But it turned out quite the other way around: Valentino considers Jethro to be a MEMBER of the flock, which means the donkey is in need of Valentino's protection. When people come to feed or play with Jethro, Valentino rushes up and attacks them, all his neck feathers up in an Elizabethan ruffle. It's very inconvenient.

He isn't so bad with me, maybe because I, too, am a member of his flock, or maybe because every time he tries to play Big Man on Campus with me I scoop him up and take him indoors and rock him in my rocking chair, reminding him that I knew him when he was an egg.

If nobody is watching, he will coo and make contemplative murmuring sounds as I stroke his head. But if a person (or, worse, one of his hens) is watching, he will squawk indignantly.

Before and after: Valentino on Yom Kippur in September 2007, and yesterday.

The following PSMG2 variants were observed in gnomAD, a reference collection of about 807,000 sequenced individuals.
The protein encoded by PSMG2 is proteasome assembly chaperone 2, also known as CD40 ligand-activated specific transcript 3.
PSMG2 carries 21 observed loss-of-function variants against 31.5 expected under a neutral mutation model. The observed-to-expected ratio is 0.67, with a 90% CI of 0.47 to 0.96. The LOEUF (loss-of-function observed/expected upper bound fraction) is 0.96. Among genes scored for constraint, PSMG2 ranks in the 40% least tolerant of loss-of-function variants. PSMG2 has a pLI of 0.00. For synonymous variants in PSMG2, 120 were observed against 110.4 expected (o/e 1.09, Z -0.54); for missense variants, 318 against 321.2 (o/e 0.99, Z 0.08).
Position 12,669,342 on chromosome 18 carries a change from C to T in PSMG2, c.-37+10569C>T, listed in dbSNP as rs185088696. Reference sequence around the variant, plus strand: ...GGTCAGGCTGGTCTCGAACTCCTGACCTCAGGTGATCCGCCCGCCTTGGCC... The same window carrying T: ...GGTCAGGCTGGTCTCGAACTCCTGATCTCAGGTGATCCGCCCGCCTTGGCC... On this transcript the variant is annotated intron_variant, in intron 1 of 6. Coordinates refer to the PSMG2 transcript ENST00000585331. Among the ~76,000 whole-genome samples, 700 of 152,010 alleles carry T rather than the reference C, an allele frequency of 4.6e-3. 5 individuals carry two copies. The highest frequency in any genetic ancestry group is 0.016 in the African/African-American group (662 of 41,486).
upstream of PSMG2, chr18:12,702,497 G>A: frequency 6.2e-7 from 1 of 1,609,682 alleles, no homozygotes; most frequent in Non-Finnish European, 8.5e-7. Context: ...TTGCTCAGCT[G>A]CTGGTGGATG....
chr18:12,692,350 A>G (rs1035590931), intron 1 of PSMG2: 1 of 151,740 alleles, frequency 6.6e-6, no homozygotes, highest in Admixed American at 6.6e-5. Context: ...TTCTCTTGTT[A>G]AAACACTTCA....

Tuesday, March 18, 2008

Muppets sing "Danny Boy."

At our gig last night an Oriental couple asked me to sing "Danny Boy," but I couldn't remember the words. Here is the finest version I have ever heard.


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Seen at "Unusual Life."

Unusual Life pointed to "Jesus cosmetics prove too cheeky for Singapore."

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One of the world's best lawnmowers.

As seen at Present Simple.

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Actions and their consequences, condensed.

Abraham Lincoln:

"When I do good, I feel good; when I do bad, I feel bad, and that is my religion."


Monday, March 17, 2008

Visit to an artist's studio.

Bob and I did a performance at the 1908 Historic Courthouse in Independence, Virginia Saturday night and stayed, afterwards, at his friend Carol's house. (Bob's girlfriend took this picture for us.)

Carol is the widow of Robert Broderson and her home is full of his art. Bob helped build the house and the studio up the hill. I thought you might be interested to see what a home full of a lifetime's work in art looks like. Some of Broderson's work is for sale through the website above.